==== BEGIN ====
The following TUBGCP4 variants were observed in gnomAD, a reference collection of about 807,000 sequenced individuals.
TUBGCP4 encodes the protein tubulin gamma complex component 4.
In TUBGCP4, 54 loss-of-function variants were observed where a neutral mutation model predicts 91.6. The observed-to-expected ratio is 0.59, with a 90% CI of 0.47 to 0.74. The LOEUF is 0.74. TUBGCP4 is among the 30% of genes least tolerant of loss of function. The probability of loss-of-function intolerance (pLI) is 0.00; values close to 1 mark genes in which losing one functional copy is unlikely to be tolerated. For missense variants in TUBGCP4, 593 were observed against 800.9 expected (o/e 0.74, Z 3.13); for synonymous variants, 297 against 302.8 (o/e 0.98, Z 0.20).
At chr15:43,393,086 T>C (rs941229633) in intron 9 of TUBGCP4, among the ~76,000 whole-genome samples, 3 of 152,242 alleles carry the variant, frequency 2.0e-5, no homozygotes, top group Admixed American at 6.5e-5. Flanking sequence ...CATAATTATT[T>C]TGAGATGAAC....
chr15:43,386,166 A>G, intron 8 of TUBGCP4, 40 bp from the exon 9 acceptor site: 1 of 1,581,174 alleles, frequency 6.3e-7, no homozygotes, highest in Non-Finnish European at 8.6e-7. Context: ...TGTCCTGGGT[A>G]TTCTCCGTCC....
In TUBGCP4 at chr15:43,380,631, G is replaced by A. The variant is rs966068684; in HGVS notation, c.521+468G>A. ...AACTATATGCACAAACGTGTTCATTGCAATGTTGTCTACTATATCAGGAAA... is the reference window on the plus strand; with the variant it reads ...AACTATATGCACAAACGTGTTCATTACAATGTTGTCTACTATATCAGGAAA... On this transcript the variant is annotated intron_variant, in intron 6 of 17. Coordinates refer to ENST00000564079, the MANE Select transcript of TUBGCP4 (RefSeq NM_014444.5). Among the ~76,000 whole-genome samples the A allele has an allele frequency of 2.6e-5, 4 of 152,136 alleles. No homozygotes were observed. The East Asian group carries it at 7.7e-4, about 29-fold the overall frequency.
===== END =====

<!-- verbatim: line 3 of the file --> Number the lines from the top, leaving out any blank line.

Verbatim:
In TUBGCP4, 54 loss-of-function variants were observed where a neutral mutation model predicts 91.6. The observed-to-expected ratio is 0.59, with a 90% CI of 0.47 to 0.74. The LOEUF is 0.74. TUBGCP4 is among the 30% of genes least tolerant of loss of function. The probability of loss-of-function intolerance (pLI) is 0.00; values close to 1 mark genes in which losing one functional copy is unlikely to be tolerated. For missense variants in TUBGCP4, 593 were observed against 800.9 expected (o/e 0.74, Z 3.13); for synonymous variants, 297 against 302.8 (o/e 0.98, Z 0.20).